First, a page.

Gasoline-Related Burns are Focus of Shriners Hospitals' Burn Awareness Week
TAMPA, Fla., Jan. 29 /PRNewswire/ -- The Shriners, members of the fraternal organization that operates 22 Shriners Hospitals for Children throughout North America, are urging people to take necessary precautions against flammable liquid and gasoline-related burns during Burn Awareness Week 2004, February 1-7. "The greatest tragedy is that most burn injuries are preventable," said M. Burton Oien, President and CEO of the Shriners of North America. "Every year Shriners get involved in Burn Awareness Week to help people prevent dangerous burns. This year, we hope to decrease the number of flammable liquid and gasoline-related burns." Dan Caro, 22, knows firsthand how dangerous gasoline burns can be. At two years old, Dan was severely burned when the pilot light of a hot water heater ignited gasoline fumes in his New Orleans, La., garage. He was transported to the Boston Shriners Hospital and treated for burns covering 70 percent of his body. Dan lost his right hand and part of his left hand in the fire, and spent most of his life going through treatments and reconstructive surgeries. A special surgery gave Dan the use of a moveable thumb, and therefore allowed him to start playing the drums, helping to fulfill his lifelong dream of playing music. "I wanted to prove to myself that I could conquer something extreme," said Dan. Today, Dan plays in a popular New Orleans jazz band, and his talent has been called nothing short of amazing. Shriners Hospitals offers the following tips to keep children safe from gasoline-related burns: -- Keep flammable products locked up and out of the reach of children. -- Keep matches and lighters out of sight and out of the reach of children. -- Teach children about the dangers of flammable products and vapors. -- Store and use flammable liquids only in approved containers and in well ventilated areas, away from all sources of ignition, including: hot engines, cigarette lighters or matches, pilot lights on gas appliances, electrical heaters, electrical switches and static electricity. -- Gasoline has only one purpose -- to fuel an engine. For other purposes, the safest product available should be used for the job. -- Supervise older children/teenagers when filling engines such as lawnmowers with gasoline. Allow an engine to cool before adding more gasoline. -- Always fuel power mowers and other equipment outside where there is adequate ventilation to disperse the vapors. Use a funnel. -- In case of accidental spills, wash yourself and remove clothing immediately. -- Fuel engines only when they are cool. Engine heat can ignite gasoline vapors. -- Do not store gasoline in your basement or other areas within the living space of the home. -- Store only a minimal amount or none at all when gasoline is not needed for several weeks. -- Follow the manufacturer's installation instructions to elevate the water heater at least 18 inches above the floor level. Known as the experts in pediatric burn care, Shriners Hospitals operate four burn hospitals in Galveston, Cincinnati, Boston and Sacramento. Through intensive research and state-of-the-art clinical care, a burned child's chance of survival has more than doubled since the Shriners first opened the burn hospitals in the mid-1960s. Much of today's research now focuses on improving the quality of life for burn survivors. The 22 Shriners Hospitals provide care totally without charge to children up to their 18th birthday. The Shriners of North America, an international fraternity with more than 450,000 members in the U.S., Canada, Mexico and the Republic of Panama, founded the hospital system. If you know a child Shriners Hospitals might be able to help, call 1-800-237-5055 in the U.S.; 1-800-361-7256 in Canada; or visit www.shrinershq.org.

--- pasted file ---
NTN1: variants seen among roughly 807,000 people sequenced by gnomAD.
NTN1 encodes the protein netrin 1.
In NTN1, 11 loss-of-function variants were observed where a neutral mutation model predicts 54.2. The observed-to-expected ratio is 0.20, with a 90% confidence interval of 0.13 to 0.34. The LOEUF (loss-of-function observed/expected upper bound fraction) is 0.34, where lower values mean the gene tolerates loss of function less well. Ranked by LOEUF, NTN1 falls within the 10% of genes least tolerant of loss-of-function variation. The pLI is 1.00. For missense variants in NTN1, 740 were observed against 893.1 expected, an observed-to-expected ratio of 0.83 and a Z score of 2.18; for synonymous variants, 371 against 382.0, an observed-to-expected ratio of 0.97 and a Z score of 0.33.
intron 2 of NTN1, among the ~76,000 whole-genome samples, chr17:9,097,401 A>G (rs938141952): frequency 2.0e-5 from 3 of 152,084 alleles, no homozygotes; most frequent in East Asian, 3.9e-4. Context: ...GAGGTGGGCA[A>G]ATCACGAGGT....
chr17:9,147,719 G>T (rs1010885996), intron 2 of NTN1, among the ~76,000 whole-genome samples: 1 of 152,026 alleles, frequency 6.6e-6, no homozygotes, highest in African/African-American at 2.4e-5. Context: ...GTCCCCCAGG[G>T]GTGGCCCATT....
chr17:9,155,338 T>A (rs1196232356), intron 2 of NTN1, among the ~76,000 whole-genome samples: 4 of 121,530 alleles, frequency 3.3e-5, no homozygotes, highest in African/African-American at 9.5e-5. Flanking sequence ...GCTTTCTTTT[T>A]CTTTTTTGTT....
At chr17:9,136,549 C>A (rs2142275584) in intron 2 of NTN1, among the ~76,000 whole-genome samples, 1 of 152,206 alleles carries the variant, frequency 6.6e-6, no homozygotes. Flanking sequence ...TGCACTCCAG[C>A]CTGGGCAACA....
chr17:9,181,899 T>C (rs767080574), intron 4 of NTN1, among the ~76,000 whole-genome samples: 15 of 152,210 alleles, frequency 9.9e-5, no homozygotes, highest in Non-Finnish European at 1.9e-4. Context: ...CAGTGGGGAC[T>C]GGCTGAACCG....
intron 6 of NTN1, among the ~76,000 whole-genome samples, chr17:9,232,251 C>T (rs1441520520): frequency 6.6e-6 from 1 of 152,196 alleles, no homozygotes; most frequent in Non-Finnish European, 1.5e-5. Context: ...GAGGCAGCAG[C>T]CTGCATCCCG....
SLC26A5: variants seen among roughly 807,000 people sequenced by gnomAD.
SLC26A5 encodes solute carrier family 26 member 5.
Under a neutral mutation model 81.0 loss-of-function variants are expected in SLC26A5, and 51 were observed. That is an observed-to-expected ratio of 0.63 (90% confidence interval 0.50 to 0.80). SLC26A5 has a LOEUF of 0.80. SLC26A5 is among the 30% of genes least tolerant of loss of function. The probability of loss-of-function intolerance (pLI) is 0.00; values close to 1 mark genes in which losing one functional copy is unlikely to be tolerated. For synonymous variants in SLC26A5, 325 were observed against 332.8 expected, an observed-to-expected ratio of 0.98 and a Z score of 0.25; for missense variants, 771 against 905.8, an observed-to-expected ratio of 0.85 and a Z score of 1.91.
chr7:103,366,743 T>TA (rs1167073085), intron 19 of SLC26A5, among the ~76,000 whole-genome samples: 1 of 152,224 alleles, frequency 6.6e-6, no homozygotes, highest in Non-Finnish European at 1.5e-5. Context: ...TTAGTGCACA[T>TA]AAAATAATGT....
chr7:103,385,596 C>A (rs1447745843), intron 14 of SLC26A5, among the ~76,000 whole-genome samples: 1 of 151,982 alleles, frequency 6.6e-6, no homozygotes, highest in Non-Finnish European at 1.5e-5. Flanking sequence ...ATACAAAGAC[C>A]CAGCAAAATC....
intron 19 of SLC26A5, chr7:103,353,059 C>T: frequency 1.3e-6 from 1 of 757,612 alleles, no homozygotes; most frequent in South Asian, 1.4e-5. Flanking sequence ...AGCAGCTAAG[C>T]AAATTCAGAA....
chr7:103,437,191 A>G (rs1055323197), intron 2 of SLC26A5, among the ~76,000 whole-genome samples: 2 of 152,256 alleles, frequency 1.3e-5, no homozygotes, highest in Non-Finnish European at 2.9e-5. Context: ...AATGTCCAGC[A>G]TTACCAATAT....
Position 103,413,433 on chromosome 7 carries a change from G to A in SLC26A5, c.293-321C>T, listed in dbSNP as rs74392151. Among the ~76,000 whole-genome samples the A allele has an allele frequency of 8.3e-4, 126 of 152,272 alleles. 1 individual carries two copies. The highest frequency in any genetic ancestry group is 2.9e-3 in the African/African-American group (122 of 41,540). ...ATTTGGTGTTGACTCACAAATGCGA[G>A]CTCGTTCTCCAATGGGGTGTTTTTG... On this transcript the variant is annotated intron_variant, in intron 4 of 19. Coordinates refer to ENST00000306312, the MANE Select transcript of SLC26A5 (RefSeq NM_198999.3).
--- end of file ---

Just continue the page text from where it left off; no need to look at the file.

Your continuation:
SOURCE Shriners Hospitals for Children
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